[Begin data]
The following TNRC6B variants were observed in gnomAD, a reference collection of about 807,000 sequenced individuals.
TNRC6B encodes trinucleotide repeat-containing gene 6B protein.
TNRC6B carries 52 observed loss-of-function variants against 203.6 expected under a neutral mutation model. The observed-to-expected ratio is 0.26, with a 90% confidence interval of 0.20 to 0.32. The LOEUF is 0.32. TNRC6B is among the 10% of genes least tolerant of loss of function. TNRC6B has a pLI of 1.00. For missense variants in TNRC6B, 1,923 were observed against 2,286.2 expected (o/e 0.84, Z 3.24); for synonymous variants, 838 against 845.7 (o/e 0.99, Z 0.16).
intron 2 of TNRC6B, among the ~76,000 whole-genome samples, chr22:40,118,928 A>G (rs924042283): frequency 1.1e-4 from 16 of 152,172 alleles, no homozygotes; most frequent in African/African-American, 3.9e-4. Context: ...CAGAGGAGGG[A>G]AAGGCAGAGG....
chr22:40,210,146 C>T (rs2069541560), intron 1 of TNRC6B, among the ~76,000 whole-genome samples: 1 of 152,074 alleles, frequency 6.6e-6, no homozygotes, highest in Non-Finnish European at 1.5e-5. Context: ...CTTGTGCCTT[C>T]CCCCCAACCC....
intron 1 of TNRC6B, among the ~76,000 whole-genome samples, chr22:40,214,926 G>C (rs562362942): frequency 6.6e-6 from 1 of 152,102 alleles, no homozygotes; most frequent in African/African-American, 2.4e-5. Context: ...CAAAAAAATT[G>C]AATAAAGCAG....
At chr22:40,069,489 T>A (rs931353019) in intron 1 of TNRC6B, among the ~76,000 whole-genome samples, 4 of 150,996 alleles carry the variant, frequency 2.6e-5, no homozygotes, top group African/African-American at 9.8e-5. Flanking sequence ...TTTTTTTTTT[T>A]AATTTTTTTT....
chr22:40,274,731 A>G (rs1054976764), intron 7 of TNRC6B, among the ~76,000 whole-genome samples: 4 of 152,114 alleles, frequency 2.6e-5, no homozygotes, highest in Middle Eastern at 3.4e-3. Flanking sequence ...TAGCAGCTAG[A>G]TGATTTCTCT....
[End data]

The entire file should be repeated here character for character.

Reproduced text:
The following TNRC6B variants were observed in gnomAD, a reference collection of about 807,000 sequenced individuals.
TNRC6B encodes trinucleotide repeat-containing gene 6B protein.
TNRC6B carries 52 observed loss-of-function variants against 203.6 expected under a neutral mutation model. The observed-to-expected ratio is 0.26, with a 90% confidence interval of 0.20 to 0.32. The LOEUF is 0.32. TNRC6B is among the 10% of genes least tolerant of loss of function. TNRC6B has a pLI of 1.00. For missense variants in TNRC6B, 1,923 were observed against 2,286.2 expected (o/e 0.84, Z 3.24); for synonymous variants, 838 against 845.7 (o/e 0.99, Z 0.16).
intron 2 of TNRC6B, among the ~76,000 whole-genome samples, chr22:40,118,928 A>G (rs924042283): frequency 1.1e-4 from 16 of 152,172 alleles, no homozygotes; most frequent in African/African-American, 3.9e-4. Context: ...CAGAGGAGGG[A>G]AAGGCAGAGG....
chr22:40,210,146 C>T (rs2069541560), intron 1 of TNRC6B, among the ~76,000 whole-genome samples: 1 of 152,074 alleles, frequency 6.6e-6, no homozygotes, highest in Non-Finnish European at 1.5e-5. Context: ...CTTGTGCCTT[C>T]CCCCCAACCC....
intron 1 of TNRC6B, among the ~76,000 whole-genome samples, chr22:40,214,926 G>C (rs562362942): frequency 6.6e-6 from 1 of 152,102 alleles, no homozygotes; most frequent in African/African-American, 2.4e-5. Context: ...CAAAAAAATT[G>C]AATAAAGCAG....
At chr22:40,069,489 T>A (rs931353019) in intron 1 of TNRC6B, among the ~76,000 whole-genome samples, 4 of 150,996 alleles carry the variant, frequency 2.6e-5, no homozygotes, top group African/African-American at 9.8e-5. Flanking sequence ...TTTTTTTTTT[T>A]AATTTTTTTT....
chr22:40,274,731 A>G (rs1054976764), intron 7 of TNRC6B, among the ~76,000 whole-genome samples: 4 of 152,114 alleles, frequency 2.6e-5, no homozygotes, highest in Middle Eastern at 3.4e-3. Flanking sequence ...TAGCAGCTAG[A>G]TGATTTCTCT....